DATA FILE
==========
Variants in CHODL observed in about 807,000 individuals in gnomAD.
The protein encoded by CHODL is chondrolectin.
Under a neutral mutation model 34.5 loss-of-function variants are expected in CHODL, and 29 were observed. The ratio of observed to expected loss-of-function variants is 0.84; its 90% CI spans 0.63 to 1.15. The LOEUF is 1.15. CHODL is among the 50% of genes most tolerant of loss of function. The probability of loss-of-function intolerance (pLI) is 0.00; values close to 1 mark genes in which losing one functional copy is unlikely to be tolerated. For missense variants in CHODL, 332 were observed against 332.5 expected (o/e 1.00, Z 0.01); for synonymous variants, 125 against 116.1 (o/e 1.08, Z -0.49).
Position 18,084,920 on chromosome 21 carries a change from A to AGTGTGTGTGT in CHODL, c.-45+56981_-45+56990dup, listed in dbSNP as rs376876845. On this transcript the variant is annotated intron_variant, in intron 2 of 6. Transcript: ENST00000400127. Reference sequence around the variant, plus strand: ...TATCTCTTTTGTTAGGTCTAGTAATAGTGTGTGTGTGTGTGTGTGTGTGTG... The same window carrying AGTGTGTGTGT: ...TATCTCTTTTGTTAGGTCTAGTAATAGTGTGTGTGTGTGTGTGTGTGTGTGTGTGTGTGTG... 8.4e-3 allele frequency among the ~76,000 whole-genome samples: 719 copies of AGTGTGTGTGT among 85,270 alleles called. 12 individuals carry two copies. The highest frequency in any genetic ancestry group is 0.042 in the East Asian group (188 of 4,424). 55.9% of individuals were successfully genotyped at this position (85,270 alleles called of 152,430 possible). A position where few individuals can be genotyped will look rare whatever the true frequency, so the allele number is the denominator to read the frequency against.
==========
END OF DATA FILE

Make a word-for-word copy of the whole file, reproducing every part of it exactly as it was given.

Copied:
Variants in CHODL observed in about 807,000 individuals in gnomAD.
The protein encoded by CHODL is chondrolectin.
Under a neutral mutation model 34.5 loss-of-function variants are expected in CHODL, and 29 were observed. The ratio of observed to expected loss-of-function variants is 0.84; its 90% CI spans 0.63 to 1.15. The LOEUF is 1.15. CHODL is among the 50% of genes most tolerant of loss of function. The probability of loss-of-function intolerance (pLI) is 0.00; values close to 1 mark genes in which losing one functional copy is unlikely to be tolerated. For missense variants in CHODL, 332 were observed against 332.5 expected (o/e 1.00, Z 0.01); for synonymous variants, 125 against 116.1 (o/e 1.08, Z -0.49).
Position 18,084,920 on chromosome 21 carries a change from A to AGTGTGTGTGT in CHODL, c.-45+56981_-45+56990dup, listed in dbSNP as rs376876845. On this transcript the variant is annotated intron_variant, in intron 2 of 6. Transcript: ENST00000400127. Reference sequence around the variant, plus strand: ...TATCTCTTTTGTTAGGTCTAGTAATAGTGTGTGTGTGTGTGTGTGTGTGTG... The same window carrying AGTGTGTGTGT: ...TATCTCTTTTGTTAGGTCTAGTAATAGTGTGTGTGTGTGTGTGTGTGTGTGTGTGTGTGTG... 8.4e-3 allele frequency among the ~76,000 whole-genome samples: 719 copies of AGTGTGTGTGT among 85,270 alleles called. 12 individuals carry two copies. The highest frequency in any genetic ancestry group is 0.042 in the East Asian group (188 of 4,424). 55.9% of individuals were successfully genotyped at this position (85,270 alleles called of 152,430 possible). A position where few individuals can be genotyped will look rare whatever the true frequency, so the allele number is the denominator to read the frequency against.